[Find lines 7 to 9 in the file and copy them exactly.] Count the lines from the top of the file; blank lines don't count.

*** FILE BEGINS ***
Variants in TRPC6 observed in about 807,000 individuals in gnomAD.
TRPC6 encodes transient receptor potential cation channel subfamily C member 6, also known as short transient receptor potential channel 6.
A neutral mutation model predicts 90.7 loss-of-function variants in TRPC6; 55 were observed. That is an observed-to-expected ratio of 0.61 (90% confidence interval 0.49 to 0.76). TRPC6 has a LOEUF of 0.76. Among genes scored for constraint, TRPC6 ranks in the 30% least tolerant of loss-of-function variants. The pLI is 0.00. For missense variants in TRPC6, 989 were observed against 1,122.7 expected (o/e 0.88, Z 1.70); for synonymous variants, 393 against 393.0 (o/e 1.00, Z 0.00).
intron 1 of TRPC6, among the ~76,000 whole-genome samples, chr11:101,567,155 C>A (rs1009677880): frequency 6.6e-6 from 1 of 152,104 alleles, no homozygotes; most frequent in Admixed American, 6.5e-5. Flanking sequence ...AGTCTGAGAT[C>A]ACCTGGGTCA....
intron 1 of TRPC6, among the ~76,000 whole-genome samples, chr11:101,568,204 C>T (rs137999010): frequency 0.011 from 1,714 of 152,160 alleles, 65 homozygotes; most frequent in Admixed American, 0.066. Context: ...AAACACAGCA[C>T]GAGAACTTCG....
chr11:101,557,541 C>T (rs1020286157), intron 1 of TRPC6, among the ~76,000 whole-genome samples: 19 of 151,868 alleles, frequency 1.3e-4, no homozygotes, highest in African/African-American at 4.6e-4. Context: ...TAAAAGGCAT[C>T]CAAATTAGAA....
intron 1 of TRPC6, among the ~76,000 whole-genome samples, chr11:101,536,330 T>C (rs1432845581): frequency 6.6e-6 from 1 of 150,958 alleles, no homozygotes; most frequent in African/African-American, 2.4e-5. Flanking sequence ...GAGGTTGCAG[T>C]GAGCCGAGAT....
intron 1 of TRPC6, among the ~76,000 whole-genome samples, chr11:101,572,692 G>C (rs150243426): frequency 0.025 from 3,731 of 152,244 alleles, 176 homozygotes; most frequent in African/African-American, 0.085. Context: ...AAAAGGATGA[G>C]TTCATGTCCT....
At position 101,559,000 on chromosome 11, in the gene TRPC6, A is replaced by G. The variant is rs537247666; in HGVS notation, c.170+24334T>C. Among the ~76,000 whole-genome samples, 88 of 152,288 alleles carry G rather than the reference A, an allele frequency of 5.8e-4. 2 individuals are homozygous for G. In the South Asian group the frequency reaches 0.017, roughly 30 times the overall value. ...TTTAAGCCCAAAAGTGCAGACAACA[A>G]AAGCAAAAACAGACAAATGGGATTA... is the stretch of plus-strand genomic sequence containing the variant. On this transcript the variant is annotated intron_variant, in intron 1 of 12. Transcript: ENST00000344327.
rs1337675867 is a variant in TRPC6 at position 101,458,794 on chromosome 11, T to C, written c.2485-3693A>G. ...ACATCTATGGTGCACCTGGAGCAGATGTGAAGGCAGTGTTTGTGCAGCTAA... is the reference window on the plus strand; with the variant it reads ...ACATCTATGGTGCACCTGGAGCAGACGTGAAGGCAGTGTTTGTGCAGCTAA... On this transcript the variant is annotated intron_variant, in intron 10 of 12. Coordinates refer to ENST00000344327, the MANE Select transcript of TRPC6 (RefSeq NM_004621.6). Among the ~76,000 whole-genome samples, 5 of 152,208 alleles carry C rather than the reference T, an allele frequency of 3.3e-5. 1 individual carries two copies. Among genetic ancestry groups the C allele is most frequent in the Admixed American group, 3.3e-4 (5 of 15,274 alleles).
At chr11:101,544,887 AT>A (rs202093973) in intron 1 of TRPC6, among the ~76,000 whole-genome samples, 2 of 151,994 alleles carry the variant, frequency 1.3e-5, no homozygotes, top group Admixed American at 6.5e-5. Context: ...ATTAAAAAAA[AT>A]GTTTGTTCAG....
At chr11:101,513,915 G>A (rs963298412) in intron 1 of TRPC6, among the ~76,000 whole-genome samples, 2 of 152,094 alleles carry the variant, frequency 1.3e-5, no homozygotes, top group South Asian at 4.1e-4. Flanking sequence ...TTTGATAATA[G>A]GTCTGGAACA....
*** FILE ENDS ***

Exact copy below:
intron 1 of TRPC6, among the ~76,000 whole-genome samples, chr11:101,536,330 T>C (rs1432845581): frequency 6.6e-6 from 1 of 150,958 alleles, no homozygotes; most frequent in African/African-American, 2.4e-5. Flanking sequence ...GAGGTTGCAG[T>C]GAGCCGAGAT....
intron 1 of TRPC6, among the ~76,000 whole-genome samples, chr11:101,572,692 G>C (rs150243426): frequency 0.025 from 3,731 of 152,244 alleles, 176 homozygotes; most frequent in African/African-American, 0.085. Context: ...AAAAGGATGA[G>C]TTCATGTCCT....
At position 101,559,000 on chromosome 11, in the gene TRPC6, A is replaced by G. The variant is rs537247666; in HGVS notation, c.170+24334T>C. Among the ~76,000 whole-genome samples, 88 of 152,288 alleles carry G rather than the reference A, an allele frequency of 5.8e-4. 2 individuals are homozygous for G. In the South Asian group the frequency reaches 0.017, roughly 30 times the overall value. ...TTTAAGCCCAAAAGTGCAGACAACA[A>G]AAGCAAAAACAGACAAATGGGATTA... is the stretch of plus-strand genomic sequence containing the variant. On this transcript the variant is annotated intron_variant, in intron 1 of 12. Transcript: ENST00000344327.